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Lurgan man jailed for murder of his fiancée sacked lawyers in attempts to ‘drag the criminal process into chaos’, Court of Appeal rules


David Lyness

David Lyness

David Lyness

A man jailed for the cut-throat murder of his fiancée sacked his lawyers as part of attempts to “drag the criminal process into chaos”, the Court of Appeal has ruled.

Senior judges dismissed David Lyness’ bid to overturn his conviction for killing Anita Downey in Lurgan, Co Armagh five years ago after declaring that he repeatedly tried to frustrate and derail proceedings.

Lord Justice Treacy described the prosecution case against the 56-year-old as “compelling”.

“He has sought to drag the criminal process into chaos by engineering or inventing conflict with his lawyers and then dismissing them,” the judge said.

Lyness is serving a minimum of 18 years behind bars after being unanimously convicted of murdering Ms Downey on January 20, 2017.

The 51-year-old mother of three bled to death on the floor of his Toberhewney Hall home from a wound to the left side of her neck.

Lyness claimed she came at him with a knife during a drink-fuelled argument, and that he tried to disarm her in a frantic struggle.

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When he noticed blood coming from her, according to his version of events, he tried to take his own life by cutting his throat and lying down beside her.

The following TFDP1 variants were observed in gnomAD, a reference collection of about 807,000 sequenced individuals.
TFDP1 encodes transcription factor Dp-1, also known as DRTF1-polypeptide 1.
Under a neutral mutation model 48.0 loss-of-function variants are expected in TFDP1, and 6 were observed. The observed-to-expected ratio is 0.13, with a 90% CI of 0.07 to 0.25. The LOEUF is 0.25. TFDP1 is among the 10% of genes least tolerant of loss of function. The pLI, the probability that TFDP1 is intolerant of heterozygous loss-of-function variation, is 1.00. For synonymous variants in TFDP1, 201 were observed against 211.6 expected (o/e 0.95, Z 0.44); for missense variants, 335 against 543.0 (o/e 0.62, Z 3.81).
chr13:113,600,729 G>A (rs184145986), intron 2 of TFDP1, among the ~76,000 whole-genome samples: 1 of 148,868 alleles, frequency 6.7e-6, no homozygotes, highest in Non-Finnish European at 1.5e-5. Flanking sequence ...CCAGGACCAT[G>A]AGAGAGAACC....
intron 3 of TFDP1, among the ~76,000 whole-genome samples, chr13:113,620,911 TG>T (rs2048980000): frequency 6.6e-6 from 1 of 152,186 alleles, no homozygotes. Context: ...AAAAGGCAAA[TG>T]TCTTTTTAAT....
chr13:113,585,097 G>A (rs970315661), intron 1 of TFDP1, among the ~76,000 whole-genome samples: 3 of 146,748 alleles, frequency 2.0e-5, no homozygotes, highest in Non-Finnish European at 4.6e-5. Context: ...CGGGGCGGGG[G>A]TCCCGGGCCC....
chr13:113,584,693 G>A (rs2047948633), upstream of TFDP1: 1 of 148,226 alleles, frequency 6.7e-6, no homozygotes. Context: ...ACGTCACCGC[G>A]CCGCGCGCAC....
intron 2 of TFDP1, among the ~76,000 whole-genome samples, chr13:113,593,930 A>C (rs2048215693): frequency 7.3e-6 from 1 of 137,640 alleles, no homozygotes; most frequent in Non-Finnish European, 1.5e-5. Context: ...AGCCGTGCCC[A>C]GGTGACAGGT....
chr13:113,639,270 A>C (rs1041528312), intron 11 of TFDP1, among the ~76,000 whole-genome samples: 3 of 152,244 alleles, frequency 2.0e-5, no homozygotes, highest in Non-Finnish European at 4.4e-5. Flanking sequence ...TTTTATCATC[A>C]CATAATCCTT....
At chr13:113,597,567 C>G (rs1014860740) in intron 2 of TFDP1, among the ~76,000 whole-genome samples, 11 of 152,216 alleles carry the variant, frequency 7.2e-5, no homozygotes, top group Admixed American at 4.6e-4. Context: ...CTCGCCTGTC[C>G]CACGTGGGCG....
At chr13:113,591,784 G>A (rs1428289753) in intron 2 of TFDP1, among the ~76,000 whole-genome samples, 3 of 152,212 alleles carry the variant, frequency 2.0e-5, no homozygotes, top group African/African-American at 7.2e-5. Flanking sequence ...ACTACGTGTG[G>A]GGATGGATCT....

But the defendant's son, Shane Lyness, testified that he witnessed his father straddling Ms Downey and attacking her neck with a kitchen knife.

An assistant state pathologist for Northern Ireland also rejected any suggestion that the fatal wounds could have been inflicted accidentally.

Lyness was called to give evidence at trial, but soon accused his own barrister of asking him to perjure himself and refusing to answer any more questions put to him.

He sacked a number of lawyers during the case and represented himself at the Court of Appeal.

During the hearing he claimed that his son’s evidence “doesn't stack up” and raised issues about being denied the opportunity to address the jury after sacking his defence team.

But giving reasons for dismissing the appeal, Lord Justice Treacy rejected all grounds of challenge.

“The appellant has never offered any cogent explanation of how Mrs Downey sustained a 15cm long knife wound to her neck, consistent with at least two separate movements of the knife, which severed her jugular vein and which was inflicted with such force that it penetrated and left a notch in her spine,” he said.

Lyness’ behaviour at trial was branded as “disgraceful”.

“He appears to be seeking to make himself unrepresentable by constantly changing instructions and making allegations against his lawyers,” the judge added.

“He then uses this status as an attempt to frustrate the trial process.”

Lord Justice Treacy confirmed: “We find this reasoning of the prosecution compelling and conclude that while the process by which the appellant was denied the right to make a closing speech was less than ideal it did not, in the particular circumstances of this case, render the trial unfair, nor did it imperil the safety of the conviction.”

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